GL-certified adhesives technology for rotor blade production -- K Trade Fair


GL-certified adhesives technology for rotor blade production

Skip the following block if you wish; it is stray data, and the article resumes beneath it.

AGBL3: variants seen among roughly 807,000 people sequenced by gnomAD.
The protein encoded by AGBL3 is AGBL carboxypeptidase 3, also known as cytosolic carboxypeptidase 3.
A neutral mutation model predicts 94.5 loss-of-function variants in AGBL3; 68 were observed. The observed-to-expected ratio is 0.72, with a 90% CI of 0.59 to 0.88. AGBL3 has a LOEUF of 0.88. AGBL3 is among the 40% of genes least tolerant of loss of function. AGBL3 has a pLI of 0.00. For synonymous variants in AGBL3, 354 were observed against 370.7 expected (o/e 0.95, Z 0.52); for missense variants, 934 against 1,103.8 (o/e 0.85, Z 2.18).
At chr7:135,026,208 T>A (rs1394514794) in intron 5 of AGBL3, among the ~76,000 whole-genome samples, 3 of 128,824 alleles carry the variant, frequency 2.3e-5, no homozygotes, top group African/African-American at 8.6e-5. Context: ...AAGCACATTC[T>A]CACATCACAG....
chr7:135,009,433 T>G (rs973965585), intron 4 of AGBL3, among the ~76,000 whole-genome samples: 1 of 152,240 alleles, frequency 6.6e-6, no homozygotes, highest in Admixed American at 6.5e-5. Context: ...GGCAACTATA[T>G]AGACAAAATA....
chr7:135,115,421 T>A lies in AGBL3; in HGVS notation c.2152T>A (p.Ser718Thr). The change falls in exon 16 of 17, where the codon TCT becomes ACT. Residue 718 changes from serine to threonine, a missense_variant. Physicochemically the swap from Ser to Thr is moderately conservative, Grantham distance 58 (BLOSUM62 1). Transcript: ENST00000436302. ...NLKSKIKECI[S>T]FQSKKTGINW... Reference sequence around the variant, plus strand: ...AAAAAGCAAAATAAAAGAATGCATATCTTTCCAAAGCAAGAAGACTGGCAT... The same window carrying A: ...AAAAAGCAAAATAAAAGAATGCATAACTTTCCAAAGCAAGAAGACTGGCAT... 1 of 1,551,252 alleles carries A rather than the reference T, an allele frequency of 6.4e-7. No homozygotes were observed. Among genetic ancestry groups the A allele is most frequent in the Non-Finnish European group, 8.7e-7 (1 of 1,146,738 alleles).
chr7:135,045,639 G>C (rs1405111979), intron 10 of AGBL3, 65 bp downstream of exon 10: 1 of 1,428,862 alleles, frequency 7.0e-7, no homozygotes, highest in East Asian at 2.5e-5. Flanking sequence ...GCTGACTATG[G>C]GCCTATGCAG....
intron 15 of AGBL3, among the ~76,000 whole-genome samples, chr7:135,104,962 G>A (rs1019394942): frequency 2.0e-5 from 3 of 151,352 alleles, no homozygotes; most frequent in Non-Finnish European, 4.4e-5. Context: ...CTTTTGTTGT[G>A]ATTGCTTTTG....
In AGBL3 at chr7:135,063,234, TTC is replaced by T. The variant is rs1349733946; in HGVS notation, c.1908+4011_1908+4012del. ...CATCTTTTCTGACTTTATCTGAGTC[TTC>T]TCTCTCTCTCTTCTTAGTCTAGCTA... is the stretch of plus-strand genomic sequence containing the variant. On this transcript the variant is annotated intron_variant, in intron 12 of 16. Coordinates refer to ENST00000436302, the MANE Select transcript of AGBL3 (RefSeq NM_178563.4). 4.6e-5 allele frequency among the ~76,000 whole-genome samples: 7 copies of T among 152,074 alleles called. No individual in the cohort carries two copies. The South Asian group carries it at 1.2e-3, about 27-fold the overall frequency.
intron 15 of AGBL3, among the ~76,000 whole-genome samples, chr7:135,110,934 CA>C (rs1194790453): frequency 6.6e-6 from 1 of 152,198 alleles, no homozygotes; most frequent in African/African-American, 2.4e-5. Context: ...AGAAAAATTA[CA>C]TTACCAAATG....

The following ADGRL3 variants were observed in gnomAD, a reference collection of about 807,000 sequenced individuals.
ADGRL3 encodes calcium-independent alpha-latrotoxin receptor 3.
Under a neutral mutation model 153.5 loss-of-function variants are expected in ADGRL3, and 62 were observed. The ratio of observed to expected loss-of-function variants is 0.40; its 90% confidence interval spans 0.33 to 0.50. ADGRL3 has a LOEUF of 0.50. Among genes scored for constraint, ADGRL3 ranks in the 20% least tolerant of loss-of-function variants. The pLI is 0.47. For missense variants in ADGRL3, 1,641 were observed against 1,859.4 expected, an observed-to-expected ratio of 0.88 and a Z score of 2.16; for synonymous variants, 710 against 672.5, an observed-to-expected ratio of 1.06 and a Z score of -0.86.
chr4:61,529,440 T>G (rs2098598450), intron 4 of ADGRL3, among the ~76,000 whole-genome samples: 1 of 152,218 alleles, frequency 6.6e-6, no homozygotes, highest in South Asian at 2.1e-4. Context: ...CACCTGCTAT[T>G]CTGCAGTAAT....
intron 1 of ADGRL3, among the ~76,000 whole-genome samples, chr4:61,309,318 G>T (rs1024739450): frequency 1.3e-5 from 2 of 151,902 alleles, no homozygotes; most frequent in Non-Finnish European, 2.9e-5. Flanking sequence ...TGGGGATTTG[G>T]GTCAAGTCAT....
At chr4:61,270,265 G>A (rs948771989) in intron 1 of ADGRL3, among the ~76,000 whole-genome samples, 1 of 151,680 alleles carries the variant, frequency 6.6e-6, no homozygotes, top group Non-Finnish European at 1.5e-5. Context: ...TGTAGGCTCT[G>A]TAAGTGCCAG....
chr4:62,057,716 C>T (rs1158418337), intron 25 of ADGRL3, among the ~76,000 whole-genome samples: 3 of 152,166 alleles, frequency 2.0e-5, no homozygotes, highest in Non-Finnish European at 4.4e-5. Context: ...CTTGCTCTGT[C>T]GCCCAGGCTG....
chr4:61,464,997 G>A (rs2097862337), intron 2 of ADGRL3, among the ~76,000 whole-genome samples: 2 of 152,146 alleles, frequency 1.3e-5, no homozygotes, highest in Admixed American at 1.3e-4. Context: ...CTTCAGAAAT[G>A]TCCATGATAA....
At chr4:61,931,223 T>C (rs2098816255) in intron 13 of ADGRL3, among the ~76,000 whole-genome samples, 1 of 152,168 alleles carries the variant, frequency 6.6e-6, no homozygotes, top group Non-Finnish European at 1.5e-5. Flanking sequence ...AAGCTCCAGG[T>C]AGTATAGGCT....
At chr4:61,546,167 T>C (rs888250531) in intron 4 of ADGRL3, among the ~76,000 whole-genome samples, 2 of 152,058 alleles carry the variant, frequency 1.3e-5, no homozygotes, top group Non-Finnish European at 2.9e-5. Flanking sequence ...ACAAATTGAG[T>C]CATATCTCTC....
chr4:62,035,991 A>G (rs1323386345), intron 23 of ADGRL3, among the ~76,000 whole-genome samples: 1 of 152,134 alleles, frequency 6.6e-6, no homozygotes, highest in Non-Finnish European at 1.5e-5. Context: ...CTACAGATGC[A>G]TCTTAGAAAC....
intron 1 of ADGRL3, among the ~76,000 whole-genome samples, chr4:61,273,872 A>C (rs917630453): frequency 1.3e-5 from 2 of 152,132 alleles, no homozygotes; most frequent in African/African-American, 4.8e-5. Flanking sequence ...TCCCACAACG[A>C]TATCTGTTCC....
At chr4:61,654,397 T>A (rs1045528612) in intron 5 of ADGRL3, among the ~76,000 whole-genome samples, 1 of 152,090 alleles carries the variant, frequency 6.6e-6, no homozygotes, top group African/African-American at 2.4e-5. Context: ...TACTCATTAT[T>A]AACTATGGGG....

[image_0]With a new adhesive technology for the production of rotor blades, Henkel has made its entry into the wind power market. The portfolio of adhesives engineered under the Loctite brand is based on polyurethane technology. According to the manufacturer, the new adhesives come with a variety of benefits: They can reduce the energy required for bonding rotor blades, shorten the production time and thus reduce overall costs. In addition, as a result of their ability to fully cure at room temperature, they combine utmost process reliability with automation potential, particularly in bonding applications involving small components or poorly accessible joints.[image_1_right] Although new to wind turbines, polyurethane adhesives have long been demonstrating their remarkable performance potential in other industrial sectors, says Henkel. In shipyards, for example, they have been exhibiting resistance to temperatures as low as -180 °C in marine applications for about 40 years. In refrigerated superstructures on truck semitrailers they provide additional structural strength. And the solvent-free polyurethane adhesives are also used to manufacture mobile homes and snowboards. Henkel says it has invested around four years of research in this technology which is totally new to the wind power sector. The outcome so far is five Loctite-brand adhesives, all of which have been tested by Germanischer Lloyd under various criteria and are now certified.[image_2] A decisive advantage of polyurethane adhesives for production processes is the reduced exothermy of their reaction, and hence low shrinkage, compared to the established epoxy resin technology, says Henkel. Although polyurethane adhesives are capable of curing without any additional energy, the process is usually accelerated by applying external energy. While epoxy resin adhesives need a relatively high heat input, polyurethane adhesives cure at a lower heat, thus substantially reducing energy needs and taking less time. The speed of curing and thus of production can be varied via the amount of heat introduced. As a rule of thumb, an increase of 10 °C in temperature cuts the curing time by half. This rapid, catalysis-controlled setting behaviour is now being exploited in repair and component bonding. In addition, the setting behaviour of Loctite products can be flexibly adjusted, and polyurethane bonds can be relied on to fully cure, says the company. The comparatively low curing temperatures and the low exothermic reaction temperature are kind to the bonded materials. For example, rotor blade half-shells bonded with polyurethane adhesives show less stress cracking in the course of time. The adhesives' elasticity also has an appreciable supportive effect. Polyurethane technology also exhibits superior fatigue and ageing behaviour, according to Henkel.